Sue Mott is regarded by many as the trail blazer for female journalists. Revered by her peers she has written for The Daily Mail, The Sunday Times and The Telegraph to name a few. She commands the respect of both women and men within the industry, however it has not been an easy road. As a woman reporting on football in the 1980s she recalls being called ‘the one with the teeth’ by Brian McClough. Would Martin Samuel have ever been referred to as ‘the one with the moustache’? I think not.

All too often there is a tendency to see female broadcasters being used as ‘window dressing’ and to use a somewhat repulsive phrase, ‘touchline totty’. The aesthetic qualities of male broadcasters are not judged, so why those of women? A scan of Twitter, discussion boards and online articles show that all too often references are made about female journalist’s appearances.

Some employers don’t even appear to try and hide this fact. The website profile of Talk Sport presenter Lisa Francesca Nand does nothing to refute the idea that the use of women as sports broadcasters is often tokenism: “Normally we wait for presenters to earn their stripes but we catapulted our former traffic & travel girl straight in there purely on looks”. The longer these kind of attitudes persist, and with a small pool to choose from, the likelihood of more women following in Alison Kervin’s footsteps and securing editorial positions is slim. There is also the feeling that female sports journalists have to prove themselves twice over. Heaven forbid if Juliette Ferrington pronounces a footballer’s name wrong, however it appears that Martin Keown has made his career out of pronouncing footballers’ names wrong. Women don’t just have to be good, they have to be outstanding to overcome the barriers facing them.

The ‘old boys’ reputation of journalism no doubt deters women from entering the industry. Journalism is also renowned for its anti-social work hours. Perhaps this lack of flexibility makes the profession even less appealing for women, particularly when they have children. Further anecdotal evidence from the SJA survey makes for depressing reading. Comments such as: “Women must be prepared to be isolated and to be met with resistance” is hardly the stuff to inspire the next Clare Balding’s or Ashling O’Connor’s.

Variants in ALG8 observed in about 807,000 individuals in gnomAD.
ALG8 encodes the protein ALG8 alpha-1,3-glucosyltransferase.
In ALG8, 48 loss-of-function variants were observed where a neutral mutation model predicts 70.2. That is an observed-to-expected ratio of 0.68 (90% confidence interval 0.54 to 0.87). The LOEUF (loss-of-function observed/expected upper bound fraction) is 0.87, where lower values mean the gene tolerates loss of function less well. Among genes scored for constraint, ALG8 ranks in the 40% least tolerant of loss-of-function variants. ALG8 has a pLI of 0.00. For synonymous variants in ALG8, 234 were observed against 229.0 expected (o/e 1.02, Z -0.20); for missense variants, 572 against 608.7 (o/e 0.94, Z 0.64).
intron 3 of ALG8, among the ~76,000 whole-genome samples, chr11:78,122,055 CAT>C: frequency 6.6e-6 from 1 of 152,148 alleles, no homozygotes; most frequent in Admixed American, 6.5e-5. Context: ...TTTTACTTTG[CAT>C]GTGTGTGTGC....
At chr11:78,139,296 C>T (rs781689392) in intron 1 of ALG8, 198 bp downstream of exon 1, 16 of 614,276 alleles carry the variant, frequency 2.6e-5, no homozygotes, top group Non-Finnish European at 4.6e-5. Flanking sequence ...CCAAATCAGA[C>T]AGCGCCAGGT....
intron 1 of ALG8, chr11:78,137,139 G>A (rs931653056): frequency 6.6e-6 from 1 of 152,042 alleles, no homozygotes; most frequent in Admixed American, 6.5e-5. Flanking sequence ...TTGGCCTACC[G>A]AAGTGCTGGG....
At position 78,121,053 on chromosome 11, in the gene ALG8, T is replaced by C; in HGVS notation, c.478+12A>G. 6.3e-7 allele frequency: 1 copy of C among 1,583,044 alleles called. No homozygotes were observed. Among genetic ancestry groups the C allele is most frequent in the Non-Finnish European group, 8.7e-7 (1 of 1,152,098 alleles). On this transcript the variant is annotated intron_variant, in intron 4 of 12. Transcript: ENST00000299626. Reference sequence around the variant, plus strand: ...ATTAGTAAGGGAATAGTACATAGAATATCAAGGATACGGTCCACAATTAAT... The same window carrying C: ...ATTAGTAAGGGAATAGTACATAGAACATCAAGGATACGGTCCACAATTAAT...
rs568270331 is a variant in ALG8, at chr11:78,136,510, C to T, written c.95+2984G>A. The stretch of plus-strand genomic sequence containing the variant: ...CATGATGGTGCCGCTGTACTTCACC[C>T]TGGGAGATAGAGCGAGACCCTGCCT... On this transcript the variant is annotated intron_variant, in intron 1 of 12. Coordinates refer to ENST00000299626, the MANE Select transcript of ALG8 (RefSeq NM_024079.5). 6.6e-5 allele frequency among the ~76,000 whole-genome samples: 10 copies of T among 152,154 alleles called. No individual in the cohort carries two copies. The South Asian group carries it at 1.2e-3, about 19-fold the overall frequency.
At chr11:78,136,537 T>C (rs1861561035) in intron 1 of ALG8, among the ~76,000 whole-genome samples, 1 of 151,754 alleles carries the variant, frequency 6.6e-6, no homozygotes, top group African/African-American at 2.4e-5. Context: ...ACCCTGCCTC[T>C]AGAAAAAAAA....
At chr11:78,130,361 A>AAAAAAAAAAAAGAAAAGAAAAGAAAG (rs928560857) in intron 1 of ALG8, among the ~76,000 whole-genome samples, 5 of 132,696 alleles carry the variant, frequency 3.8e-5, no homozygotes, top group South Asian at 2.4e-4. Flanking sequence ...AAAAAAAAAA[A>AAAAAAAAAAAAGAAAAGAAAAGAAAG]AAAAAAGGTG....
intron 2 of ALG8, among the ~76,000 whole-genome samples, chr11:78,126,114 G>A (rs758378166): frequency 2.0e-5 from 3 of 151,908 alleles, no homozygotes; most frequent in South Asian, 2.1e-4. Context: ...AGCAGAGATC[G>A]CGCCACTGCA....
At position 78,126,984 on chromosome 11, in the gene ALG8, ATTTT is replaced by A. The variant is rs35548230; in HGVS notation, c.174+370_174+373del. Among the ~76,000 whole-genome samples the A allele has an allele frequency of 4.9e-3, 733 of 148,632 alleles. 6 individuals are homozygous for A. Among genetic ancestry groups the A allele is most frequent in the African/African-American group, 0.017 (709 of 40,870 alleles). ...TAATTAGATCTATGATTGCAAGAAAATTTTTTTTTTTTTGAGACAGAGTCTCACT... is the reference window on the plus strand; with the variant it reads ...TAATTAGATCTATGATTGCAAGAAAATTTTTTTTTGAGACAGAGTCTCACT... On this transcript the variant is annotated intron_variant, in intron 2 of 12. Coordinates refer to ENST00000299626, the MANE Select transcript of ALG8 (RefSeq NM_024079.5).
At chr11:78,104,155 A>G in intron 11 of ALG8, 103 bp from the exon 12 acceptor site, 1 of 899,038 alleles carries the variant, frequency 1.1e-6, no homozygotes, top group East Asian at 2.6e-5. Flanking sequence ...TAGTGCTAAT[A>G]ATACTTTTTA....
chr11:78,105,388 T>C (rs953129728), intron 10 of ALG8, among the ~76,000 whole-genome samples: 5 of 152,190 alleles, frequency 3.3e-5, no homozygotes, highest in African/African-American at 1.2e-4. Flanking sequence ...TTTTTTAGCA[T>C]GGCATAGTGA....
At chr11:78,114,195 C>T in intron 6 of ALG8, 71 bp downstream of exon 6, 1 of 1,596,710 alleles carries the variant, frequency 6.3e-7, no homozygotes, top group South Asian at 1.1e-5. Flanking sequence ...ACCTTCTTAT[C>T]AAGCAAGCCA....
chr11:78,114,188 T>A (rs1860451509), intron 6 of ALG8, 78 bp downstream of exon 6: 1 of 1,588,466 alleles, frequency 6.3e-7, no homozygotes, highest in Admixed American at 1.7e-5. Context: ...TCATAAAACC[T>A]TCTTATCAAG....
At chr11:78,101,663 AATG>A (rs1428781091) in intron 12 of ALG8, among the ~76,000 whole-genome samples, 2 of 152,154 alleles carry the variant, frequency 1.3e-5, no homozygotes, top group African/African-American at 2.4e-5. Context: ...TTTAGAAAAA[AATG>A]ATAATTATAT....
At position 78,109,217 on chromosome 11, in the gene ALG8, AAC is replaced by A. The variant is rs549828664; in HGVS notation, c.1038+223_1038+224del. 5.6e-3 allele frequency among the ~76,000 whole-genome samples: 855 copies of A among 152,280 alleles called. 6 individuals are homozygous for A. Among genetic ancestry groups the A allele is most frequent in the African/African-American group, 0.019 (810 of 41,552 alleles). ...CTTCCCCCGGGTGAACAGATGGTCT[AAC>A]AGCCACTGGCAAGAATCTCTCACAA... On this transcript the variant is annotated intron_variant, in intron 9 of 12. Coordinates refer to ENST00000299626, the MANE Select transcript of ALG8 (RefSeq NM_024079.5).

There is no doubt sports journalism is a world dominated by men. When I attended a Welsh rugby press conference whilst at the BBC I was the only female in the room. One journalist, who shall remain nameless, asked me when more tea and coffee would be served- (I smiled sweetly and said I didn’t know as I was here to speak to Alun Wyn Jones, not the catering department). These old fashioned attitudes and prejudices, whilst not always expressed with ill-intentions, no doubt make women think twice about entering the profession.

There are those that may argue being a woman could now be an advantage to aspiring sports journalists. Organisations looking to redress gender imbalances may undertake ‘positive discrimination’. The BBC has made no secret of the fact that they are actively seeking to employ more female sports journalists. Specific positions for trainee female sports journalists have been advertised, however you can’t help feel this smacks of tokenism. If I get a job as a sports journalist I want it to be because I am good enough, not because I am filling a quota and making the HR department meet its equality guidelines.

Journalism is all about getting your foot in the door. This is incredibly difficult for any young sports journalist and for women it appears doubly difficult. With limited role models to look to and depressing stories from those within the industry, women often feel they are fighting the boys just to be let into the boys club. Diversity in our newsrooms is crucial. We need different brains, different ideas and different opinions to produce the best quality journalism possible and on sports desks this is more pertinent than ever.

More women on sports desks can ensure a wider representation of sports, making them sports desks not just ‘football desks’ as it so often appears. The benefits of this are obvious. However whilst positive steps in the right direction are being made, and as an enthusiastic trainee I try to remain positive, until journalism truly sheds its image of an old boys club then I fear very little will change.

Beth Shine, Sportsister
The Women’s Sports Magazine